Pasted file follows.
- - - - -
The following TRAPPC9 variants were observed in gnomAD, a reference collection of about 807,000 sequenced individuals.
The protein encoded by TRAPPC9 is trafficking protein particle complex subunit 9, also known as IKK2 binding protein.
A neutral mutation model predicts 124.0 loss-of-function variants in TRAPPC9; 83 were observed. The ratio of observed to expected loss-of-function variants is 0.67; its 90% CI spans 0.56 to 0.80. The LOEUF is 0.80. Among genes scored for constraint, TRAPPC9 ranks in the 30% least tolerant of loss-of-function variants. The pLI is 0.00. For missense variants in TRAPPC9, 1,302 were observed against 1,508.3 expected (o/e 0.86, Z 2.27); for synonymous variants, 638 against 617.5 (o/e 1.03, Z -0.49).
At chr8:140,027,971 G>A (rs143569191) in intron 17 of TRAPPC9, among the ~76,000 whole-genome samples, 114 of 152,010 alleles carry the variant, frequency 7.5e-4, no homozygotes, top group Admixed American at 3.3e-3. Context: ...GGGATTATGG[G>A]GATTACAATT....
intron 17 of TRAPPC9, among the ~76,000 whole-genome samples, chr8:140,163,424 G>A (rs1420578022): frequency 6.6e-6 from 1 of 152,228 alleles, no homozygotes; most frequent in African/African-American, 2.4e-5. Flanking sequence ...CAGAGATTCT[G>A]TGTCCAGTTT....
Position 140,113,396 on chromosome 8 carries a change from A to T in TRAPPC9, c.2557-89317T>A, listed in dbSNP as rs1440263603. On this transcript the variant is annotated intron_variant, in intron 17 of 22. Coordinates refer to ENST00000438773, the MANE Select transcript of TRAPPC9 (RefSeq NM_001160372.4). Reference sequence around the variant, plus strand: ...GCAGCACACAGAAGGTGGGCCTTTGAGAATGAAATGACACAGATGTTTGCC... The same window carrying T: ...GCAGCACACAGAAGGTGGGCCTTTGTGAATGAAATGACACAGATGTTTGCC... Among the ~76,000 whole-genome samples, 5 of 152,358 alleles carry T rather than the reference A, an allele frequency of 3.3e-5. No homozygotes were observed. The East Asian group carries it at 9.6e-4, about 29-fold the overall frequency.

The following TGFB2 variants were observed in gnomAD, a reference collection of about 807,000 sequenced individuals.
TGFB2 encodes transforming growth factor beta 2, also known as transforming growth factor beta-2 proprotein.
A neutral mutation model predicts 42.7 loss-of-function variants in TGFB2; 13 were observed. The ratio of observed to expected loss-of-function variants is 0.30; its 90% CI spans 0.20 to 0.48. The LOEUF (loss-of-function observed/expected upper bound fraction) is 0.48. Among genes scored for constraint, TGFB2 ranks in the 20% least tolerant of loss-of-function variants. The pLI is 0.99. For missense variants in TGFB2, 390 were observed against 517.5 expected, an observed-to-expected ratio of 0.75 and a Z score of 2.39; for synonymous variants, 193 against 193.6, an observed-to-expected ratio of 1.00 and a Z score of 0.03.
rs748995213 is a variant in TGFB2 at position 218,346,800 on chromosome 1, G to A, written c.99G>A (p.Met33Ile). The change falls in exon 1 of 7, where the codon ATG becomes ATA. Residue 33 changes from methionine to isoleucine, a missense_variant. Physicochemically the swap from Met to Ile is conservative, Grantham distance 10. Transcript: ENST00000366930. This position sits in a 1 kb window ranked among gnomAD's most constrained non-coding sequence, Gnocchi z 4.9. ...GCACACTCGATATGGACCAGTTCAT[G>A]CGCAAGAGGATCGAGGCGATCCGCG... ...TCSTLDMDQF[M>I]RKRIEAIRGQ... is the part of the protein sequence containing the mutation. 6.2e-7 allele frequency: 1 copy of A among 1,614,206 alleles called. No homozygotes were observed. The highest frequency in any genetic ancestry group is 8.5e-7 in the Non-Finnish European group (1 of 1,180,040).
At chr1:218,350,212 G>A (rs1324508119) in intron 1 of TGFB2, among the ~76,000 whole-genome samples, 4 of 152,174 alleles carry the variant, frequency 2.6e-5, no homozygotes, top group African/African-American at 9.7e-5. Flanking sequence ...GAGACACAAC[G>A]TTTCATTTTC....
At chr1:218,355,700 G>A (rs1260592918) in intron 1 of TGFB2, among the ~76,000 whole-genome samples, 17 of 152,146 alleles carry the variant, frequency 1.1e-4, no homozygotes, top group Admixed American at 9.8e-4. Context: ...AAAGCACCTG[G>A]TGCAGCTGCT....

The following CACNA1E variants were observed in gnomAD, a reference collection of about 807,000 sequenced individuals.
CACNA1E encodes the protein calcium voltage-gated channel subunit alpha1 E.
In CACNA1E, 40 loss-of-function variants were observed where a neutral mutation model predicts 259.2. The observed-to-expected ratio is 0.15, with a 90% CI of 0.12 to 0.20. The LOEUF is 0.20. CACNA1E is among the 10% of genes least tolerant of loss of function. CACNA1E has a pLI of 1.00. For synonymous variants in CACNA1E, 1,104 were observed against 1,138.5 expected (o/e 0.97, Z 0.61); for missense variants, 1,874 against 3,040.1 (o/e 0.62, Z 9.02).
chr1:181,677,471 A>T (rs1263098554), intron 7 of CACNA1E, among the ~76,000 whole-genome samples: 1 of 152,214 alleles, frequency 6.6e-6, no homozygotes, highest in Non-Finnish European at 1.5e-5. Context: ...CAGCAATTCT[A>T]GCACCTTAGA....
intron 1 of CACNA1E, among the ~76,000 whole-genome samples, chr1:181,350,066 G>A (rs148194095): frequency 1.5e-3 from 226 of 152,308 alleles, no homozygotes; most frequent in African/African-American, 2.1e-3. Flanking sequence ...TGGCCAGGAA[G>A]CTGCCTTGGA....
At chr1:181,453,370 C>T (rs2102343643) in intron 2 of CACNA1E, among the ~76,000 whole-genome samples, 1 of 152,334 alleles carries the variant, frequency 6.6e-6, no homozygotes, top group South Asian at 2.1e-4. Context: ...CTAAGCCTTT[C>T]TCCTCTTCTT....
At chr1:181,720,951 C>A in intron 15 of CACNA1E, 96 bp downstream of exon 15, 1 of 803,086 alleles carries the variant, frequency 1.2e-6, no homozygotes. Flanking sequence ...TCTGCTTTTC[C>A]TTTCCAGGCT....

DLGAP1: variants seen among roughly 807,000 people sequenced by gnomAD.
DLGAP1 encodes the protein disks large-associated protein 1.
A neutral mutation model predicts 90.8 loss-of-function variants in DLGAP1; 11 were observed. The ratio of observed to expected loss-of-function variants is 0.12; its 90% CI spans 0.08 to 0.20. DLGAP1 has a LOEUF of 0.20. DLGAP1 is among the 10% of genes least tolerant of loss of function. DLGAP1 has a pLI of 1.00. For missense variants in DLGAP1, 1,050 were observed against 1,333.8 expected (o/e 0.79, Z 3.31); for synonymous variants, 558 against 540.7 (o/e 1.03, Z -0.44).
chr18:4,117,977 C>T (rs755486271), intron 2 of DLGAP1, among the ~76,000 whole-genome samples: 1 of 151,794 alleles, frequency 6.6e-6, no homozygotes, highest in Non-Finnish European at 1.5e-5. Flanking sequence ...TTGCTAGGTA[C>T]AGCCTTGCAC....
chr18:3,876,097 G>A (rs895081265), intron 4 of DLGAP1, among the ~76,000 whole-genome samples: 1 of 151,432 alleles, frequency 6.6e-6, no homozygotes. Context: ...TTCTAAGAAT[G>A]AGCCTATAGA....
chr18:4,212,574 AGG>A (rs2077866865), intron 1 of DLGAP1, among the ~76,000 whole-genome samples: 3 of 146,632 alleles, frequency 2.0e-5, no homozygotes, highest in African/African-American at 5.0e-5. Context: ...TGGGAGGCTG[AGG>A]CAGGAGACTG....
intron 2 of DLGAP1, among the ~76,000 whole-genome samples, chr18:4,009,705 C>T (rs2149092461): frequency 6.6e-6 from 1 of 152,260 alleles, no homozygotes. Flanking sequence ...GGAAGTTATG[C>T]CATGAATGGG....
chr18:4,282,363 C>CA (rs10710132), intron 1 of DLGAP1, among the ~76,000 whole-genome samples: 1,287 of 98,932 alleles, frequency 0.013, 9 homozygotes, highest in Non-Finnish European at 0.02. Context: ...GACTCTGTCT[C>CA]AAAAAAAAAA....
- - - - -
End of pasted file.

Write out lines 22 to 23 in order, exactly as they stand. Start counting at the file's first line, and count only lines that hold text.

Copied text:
A neutral mutation model predicts 90.8 loss-of-function variants in DLGAP1; 11 were observed. The ratio of observed to expected loss-of-function variants is 0.12; its 90% CI spans 0.08 to 0.20. DLGAP1 has a LOEUF of 0.20. DLGAP1 is among the 10% of genes least tolerant of loss of function. DLGAP1 has a pLI of 1.00. For missense variants in DLGAP1, 1,050 were observed against 1,333.8 expected (o/e 0.79, Z 3.31); for synonymous variants, 558 against 540.7 (o/e 1.03, Z -0.44).
chr18:4,117,977 C>T (rs755486271), intron 2 of DLGAP1, among the ~76,000 whole-genome samples: 1 of 151,794 alleles, frequency 6.6e-6, no homozygotes, highest in Non-Finnish European at 1.5e-5. Flanking sequence ...TTGCTAGGTA[C>T]AGCCTTGCAC....